Greta Thunberg addresses world leaders that they have stolen her dreams and childhood with their empty words

9."I’m not afraid to give up. If something is causing more harm to me mentally than the good it will achieve, I’ll give up. If I am so frustrated I could cry, why am I still trying? I can come back to it, and if that doesn’t work, it’s okay. Someone else can give it a go."


10."I’m a woman and I’m very close to my mother, but the thing I would do differently from what she did is, I would not tolerate bad behavior from men. My mom made one too many excuses for my deadbeat father, and she would tell my sister and me to get over it when my brother hit us. My brother now has a history of domestic violence because he was not taught to keep his hands to himself and control his emotions. I’m learning from these mistakes, and I’ll be sure to teach these lessons to the next generation."

A woman being sexually harassed by a man behind her


Zave Smith / Getty Images

11."I think we've normalized slang, cussing, and informal language a lot more than previous generations."


12."I feel I'm more scared of adulthood than previous generations were. I have no experience with much of anything; nor am I exactly a master at certain skills that I'd need to survive in today's workforce. I have four anxiety disorders and very little people skills. My 'dream job' is fading because of how expensive it would be to get there, with inflation and my mom's wage not being raised to help pay for college."

A young woman contemplates at her computer while holding a sheet of paper
Bymuratdeniz / Getty Images

13."I don’t drink regularly, or smoke at all. I don’t need to drink to have fun or to cope, and I also don’t need to deal with a hangover. I save money, and as long as I get enough sleep, I feel fine the next morning. Alcohol does not equal fun."


14."I'm Gen Z and I’ll never be a teacher. My mom’s a teacher, and I see how she is treated by the administrators, other teachers, parents, and even the kids. What was once a great job for people who love children and want to make a difference in their lives is now nonexistent. They don’t make enough to survive. About four out of five teachers at my mom’s school have a second job, maybe a third during the summer."

A teacher looks frustrated at her laptop with her hands raised to her face

15."Older generations really prioritize college, but I feel more of us have started pushing it aside. I think more of us are seeing success with small business and quick ways to make money."


16."As a whole, we're a lot less religious. I think it's because a lot of us have religious trauma and experiences that have caused us to have little to no interest in being associated with organized religion. It also may be the general despair of a world that seems to be headed nowhere good that has led us to feel that religion isn't beneficial."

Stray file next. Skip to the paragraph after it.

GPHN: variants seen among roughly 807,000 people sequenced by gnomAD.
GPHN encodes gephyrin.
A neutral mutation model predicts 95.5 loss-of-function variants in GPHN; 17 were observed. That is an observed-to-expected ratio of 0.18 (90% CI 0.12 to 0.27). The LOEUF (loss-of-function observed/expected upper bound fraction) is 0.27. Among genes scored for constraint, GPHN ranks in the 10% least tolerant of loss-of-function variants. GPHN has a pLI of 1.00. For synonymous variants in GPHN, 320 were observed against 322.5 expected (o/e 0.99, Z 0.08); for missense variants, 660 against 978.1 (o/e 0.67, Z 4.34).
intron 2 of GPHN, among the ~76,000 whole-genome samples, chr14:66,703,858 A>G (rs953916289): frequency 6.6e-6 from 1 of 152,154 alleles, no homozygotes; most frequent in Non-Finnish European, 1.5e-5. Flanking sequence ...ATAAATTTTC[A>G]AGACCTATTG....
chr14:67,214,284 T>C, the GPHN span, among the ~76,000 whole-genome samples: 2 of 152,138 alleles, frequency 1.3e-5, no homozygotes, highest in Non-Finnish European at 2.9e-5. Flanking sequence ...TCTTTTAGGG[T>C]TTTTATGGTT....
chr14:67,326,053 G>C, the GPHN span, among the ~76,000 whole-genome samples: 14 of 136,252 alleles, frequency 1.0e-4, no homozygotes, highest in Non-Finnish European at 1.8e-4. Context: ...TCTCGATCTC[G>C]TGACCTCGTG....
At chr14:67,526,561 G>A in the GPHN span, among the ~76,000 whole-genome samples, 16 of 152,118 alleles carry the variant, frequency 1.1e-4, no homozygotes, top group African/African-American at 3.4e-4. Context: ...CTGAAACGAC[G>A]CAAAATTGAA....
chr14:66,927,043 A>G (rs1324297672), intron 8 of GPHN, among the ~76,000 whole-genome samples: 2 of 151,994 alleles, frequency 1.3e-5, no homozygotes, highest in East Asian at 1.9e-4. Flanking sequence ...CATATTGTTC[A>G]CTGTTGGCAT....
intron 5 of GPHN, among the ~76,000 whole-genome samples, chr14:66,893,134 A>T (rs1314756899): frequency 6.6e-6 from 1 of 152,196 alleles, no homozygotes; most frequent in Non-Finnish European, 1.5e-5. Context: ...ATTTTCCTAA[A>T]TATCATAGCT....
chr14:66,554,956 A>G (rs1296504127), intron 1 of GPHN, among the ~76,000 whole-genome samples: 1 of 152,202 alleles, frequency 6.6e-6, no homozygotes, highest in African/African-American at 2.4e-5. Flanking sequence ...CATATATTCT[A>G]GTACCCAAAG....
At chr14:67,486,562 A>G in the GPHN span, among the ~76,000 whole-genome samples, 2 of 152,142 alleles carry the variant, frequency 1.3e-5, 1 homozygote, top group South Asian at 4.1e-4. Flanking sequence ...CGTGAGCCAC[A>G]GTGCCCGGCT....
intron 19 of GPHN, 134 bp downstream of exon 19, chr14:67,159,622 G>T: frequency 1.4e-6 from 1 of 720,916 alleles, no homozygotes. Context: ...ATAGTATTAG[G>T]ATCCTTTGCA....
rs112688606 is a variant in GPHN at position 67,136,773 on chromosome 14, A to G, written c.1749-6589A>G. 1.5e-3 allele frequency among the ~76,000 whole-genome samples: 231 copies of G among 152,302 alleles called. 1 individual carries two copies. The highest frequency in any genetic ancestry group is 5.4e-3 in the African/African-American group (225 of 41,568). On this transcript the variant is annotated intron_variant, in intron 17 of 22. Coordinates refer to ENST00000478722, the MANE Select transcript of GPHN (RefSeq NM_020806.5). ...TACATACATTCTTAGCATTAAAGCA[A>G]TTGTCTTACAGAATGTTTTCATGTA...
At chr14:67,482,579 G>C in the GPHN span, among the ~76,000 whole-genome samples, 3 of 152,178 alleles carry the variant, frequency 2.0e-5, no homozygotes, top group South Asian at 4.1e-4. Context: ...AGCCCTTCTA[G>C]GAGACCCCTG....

A church at sunset

17."I view internet dating more positively than my parents and grandparents did. It sucks in a lot of ways, but it's also helpful if you're up front about what you want. I'm not a very social person, so I don't really have meet-cutes. Tinder and other apps let me sort through the people I definitely DON'T want, and meet people I otherwise never would have come across."

A woman swipes on a dating app

18."My parents got their shit together a lot earlier than I have. I guess I’m just hopeless about my future and the future of the world in general, so everything seems pointless."


19."As an older Gen Z who's out of college and fresh in the workforce, I am so much better at setting boundaries at work than my parents are. As long as I get my stuff done and treat others kindly and professionally, it shouldn't be a big deal if I come in a few minutes late or take a longer lunch break than the employee manual allows. I do enjoy my work, and I gladly put my best foot forward during the workday, but if I don't have anything to do? I'm out."

An arm representing Gen Z shaking hands with "boundaries" in the form of another human being's arm


Getty Images

20.And finally, "Millennials often try to relate to Gen Z by lumping us into the same group, but we're not the same. Millennials were able to go to college and find stable employment afterward, cultivate early careers, pay off loans, and buy homes. Meanwhile, much of Gen Z's college and early workforce experiences were stripped away from them by the pandemic."

A teen on a video conference looks outside at a sunny window

If you're Gen Z, how do you approach life differently from other generations? If you're another generation, how is it different for you? Let me know in the comments below!

Note: Some submissions have been edited for length and/or clarity.